Microfinance, also termed microcredit, refers primarily to small, development-oriented loans made to low-income borrowers with the aim of helping them to develop commercial activities or start businesses.
The concept of microcredit originated with the economist Muhammad Yunus. He made a small loan to a woman in Chittagong, Bangladesh, who used it to increase her family’s income by making and selling bamboo furniture. Established formal-sector banks were not interested in making loans of such small amounts, especially to borrowers who were highly risky because they lacked both collateral and business experience. Yunus founded the Grameen Bank in 1976 as a lending institution that specialized in loans of this type.
The Grameen Bank organized potential borrowers into small groups, and put them through a training program emphasizing both personal habits and enterprise-related skills. All members of the group made regular deposits; one member of the group would be selected to receive a loan. The next loan would be made to a group member only when the outstanding loan was repaid. In effect, the social pressure of the borrower group provided a form of collateral.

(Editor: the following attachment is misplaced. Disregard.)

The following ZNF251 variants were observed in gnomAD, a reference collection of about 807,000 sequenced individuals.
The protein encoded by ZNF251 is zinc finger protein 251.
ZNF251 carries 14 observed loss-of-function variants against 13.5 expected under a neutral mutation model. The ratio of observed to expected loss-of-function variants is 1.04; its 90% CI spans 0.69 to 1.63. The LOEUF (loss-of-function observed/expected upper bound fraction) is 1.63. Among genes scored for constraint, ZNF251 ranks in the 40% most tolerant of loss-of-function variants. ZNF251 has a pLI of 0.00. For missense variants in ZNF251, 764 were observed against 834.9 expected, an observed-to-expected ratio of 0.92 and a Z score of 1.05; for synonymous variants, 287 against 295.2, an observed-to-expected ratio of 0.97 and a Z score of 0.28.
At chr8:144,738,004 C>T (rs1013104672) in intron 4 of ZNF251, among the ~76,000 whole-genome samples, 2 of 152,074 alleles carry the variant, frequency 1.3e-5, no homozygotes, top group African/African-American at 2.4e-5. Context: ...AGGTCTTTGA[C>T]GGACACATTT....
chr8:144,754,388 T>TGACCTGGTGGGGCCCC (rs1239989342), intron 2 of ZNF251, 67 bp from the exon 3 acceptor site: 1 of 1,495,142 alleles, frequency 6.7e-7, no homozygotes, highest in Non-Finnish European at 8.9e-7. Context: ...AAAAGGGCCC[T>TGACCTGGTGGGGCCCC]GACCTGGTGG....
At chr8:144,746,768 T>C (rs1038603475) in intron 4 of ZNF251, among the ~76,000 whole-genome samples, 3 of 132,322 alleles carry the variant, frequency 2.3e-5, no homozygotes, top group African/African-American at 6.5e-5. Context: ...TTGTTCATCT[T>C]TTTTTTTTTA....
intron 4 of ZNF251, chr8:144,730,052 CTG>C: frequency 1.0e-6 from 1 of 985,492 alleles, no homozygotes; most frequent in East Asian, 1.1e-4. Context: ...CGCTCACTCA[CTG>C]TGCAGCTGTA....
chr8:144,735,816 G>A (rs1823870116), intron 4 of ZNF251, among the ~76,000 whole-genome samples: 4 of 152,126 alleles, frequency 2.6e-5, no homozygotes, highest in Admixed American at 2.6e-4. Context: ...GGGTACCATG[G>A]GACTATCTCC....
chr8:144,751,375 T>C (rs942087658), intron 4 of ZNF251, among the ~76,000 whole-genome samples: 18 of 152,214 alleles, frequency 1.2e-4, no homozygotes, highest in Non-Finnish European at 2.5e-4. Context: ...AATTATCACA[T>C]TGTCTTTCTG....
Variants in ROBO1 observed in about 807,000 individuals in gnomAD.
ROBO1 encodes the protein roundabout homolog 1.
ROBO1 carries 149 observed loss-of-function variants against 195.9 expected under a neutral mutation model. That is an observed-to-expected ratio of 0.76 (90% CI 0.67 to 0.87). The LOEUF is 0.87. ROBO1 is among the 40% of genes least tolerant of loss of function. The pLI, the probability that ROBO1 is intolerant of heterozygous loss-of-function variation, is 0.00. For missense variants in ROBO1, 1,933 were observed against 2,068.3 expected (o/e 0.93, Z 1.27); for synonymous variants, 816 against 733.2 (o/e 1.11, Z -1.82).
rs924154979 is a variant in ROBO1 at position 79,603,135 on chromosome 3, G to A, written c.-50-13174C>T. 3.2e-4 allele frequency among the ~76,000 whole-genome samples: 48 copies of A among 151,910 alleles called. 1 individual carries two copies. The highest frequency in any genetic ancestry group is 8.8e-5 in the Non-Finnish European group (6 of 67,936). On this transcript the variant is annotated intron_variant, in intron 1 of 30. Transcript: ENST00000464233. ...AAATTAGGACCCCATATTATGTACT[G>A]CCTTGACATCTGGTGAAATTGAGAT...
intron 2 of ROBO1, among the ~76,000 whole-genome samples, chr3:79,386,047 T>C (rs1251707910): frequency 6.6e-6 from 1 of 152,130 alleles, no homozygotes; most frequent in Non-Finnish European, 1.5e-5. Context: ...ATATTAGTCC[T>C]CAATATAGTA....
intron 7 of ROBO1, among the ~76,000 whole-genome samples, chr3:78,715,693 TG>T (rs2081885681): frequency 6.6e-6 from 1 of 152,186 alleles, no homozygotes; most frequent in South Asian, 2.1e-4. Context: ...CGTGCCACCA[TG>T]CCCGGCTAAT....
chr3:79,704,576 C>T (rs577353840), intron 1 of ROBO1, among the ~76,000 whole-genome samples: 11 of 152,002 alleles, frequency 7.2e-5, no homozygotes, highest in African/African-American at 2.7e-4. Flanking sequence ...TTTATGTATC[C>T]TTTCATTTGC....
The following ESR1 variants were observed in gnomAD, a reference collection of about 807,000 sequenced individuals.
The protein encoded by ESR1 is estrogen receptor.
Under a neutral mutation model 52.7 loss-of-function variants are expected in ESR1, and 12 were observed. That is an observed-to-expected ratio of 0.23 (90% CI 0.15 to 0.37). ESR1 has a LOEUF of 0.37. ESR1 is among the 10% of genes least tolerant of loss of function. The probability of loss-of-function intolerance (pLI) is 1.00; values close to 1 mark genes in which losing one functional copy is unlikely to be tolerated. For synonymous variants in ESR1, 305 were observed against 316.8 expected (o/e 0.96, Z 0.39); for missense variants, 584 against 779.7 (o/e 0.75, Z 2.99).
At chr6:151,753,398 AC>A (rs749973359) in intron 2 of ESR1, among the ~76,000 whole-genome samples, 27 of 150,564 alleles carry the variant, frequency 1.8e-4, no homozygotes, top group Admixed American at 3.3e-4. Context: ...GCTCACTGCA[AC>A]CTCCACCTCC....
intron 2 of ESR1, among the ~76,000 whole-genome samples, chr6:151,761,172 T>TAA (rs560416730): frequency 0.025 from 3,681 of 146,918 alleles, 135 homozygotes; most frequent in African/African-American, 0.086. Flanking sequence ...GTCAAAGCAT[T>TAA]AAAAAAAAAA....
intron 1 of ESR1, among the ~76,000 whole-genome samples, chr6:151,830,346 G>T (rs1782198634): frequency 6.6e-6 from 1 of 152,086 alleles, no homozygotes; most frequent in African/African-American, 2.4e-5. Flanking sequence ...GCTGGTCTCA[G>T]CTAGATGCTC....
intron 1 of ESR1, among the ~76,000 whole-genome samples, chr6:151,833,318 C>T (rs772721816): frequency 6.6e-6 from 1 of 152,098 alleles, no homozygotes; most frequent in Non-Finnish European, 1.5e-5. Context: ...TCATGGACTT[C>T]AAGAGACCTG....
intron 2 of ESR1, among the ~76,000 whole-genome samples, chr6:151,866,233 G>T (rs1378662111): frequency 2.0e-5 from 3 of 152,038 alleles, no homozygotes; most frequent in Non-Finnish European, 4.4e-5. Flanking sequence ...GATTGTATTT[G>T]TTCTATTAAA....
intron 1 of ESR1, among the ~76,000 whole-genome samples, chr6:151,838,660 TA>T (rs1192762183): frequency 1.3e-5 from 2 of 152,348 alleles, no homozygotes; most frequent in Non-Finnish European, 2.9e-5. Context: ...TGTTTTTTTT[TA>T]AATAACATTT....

Pooling savings to facilitate rotating borrowing for in-group members is not unique to Grameen Bank; migrants and co-ethnics, in particular, often make such arrangements. What is distinctive about the Grameen approach is that these pooled savings are used to facilitate entrepreneurial activity, and that women are targeted. Indeed, this bank’s design highlighted the problem of the exclusion of women from participation in markets, and the potential economic-development impact of fully engaging the resources, energy, and initiative of women once these women were freed to create their own enterprises.
Grameen’s loan program quickly became well known and found global imitators and adaptors. Economic theorists have been fascinated by the Grameen Bank, as the design of its lending-saving mechanism has interesting aspects from the perspectives of game theory and information theory. And as the Grameen model spread to other nations, a critical academic discussion has ensued about the potential and limitations of this model. One debate, summarized by Dale Adams and J. D. Von Pischke in 1992, involves whether microcredit represents a new element in developing economies, and can serve as a standalone poverty-alleviation program. A related debate, expressed by Anne Marie Goetz and Rina Sen Gupta in 1996, discusses the net impact of Grameen-type programs on women, primarily because women-centered microcredit programs may have complex and unintended effects on gender relations, and specifically on intra-household power relations and resource and debt allocations.